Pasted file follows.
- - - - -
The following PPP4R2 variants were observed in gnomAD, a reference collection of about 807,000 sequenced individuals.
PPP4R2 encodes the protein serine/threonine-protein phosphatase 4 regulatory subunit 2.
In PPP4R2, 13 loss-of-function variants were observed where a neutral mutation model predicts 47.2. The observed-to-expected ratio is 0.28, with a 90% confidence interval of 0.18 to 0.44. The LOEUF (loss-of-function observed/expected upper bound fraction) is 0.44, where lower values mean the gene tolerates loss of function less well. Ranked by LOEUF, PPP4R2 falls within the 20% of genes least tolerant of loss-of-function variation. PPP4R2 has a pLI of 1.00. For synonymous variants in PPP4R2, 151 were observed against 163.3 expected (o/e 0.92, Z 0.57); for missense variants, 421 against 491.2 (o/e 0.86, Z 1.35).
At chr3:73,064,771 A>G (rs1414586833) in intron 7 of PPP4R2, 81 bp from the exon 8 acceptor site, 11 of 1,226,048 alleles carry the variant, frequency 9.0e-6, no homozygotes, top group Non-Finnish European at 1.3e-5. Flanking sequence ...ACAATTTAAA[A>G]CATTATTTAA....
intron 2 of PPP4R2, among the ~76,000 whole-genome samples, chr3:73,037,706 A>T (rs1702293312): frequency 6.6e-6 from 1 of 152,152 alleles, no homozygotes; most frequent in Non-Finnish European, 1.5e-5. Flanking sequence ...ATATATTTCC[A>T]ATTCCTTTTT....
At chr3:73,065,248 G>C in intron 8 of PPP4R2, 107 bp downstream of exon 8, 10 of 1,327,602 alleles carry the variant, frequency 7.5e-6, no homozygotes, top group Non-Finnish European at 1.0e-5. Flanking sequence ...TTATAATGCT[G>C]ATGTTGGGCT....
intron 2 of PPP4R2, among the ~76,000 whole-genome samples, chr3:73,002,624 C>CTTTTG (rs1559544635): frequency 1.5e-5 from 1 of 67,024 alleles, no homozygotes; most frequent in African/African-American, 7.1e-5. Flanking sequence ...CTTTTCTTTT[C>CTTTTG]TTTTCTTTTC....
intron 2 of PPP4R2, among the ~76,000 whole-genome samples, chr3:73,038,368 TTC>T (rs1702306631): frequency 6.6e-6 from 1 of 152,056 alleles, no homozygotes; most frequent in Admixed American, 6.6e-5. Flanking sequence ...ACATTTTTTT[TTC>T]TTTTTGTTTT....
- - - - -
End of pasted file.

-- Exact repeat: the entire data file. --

The following PPP4R2 variants were observed in gnomAD, a reference collection of about 807,000 sequenced individuals.
PPP4R2 encodes the protein serine/threonine-protein phosphatase 4 regulatory subunit 2.
In PPP4R2, 13 loss-of-function variants were observed where a neutral mutation model predicts 47.2. The observed-to-expected ratio is 0.28, with a 90% confidence interval of 0.18 to 0.44. The LOEUF (loss-of-function observed/expected upper bound fraction) is 0.44, where lower values mean the gene tolerates loss of function less well. Ranked by LOEUF, PPP4R2 falls within the 20% of genes least tolerant of loss-of-function variation. PPP4R2 has a pLI of 1.00. For synonymous variants in PPP4R2, 151 were observed against 163.3 expected (o/e 0.92, Z 0.57); for missense variants, 421 against 491.2 (o/e 0.86, Z 1.35).
At chr3:73,064,771 A>G (rs1414586833) in intron 7 of PPP4R2, 81 bp from the exon 8 acceptor site, 11 of 1,226,048 alleles carry the variant, frequency 9.0e-6, no homozygotes, top group Non-Finnish European at 1.3e-5. Flanking sequence ...ACAATTTAAA[A>G]CATTATTTAA....
intron 2 of PPP4R2, among the ~76,000 whole-genome samples, chr3:73,037,706 A>T (rs1702293312): frequency 6.6e-6 from 1 of 152,152 alleles, no homozygotes; most frequent in Non-Finnish European, 1.5e-5. Flanking sequence ...ATATATTTCC[A>T]ATTCCTTTTT....
At chr3:73,065,248 G>C in intron 8 of PPP4R2, 107 bp downstream of exon 8, 10 of 1,327,602 alleles carry the variant, frequency 7.5e-6, no homozygotes, top group Non-Finnish European at 1.0e-5. Flanking sequence ...TTATAATGCT[G>C]ATGTTGGGCT....
intron 2 of PPP4R2, among the ~76,000 whole-genome samples, chr3:73,002,624 C>CTTTTG (rs1559544635): frequency 1.5e-5 from 1 of 67,024 alleles, no homozygotes; most frequent in African/African-American, 7.1e-5. Flanking sequence ...CTTTTCTTTT[C>CTTTTG]TTTTCTTTTC....
intron 2 of PPP4R2, among the ~76,000 whole-genome samples, chr3:73,038,368 TTC>T (rs1702306631): frequency 6.6e-6 from 1 of 152,056 alleles, no homozygotes; most frequent in Admixed American, 6.6e-5. Flanking sequence ...ACATTTTTTT[TTC>T]TTTTTGTTTT....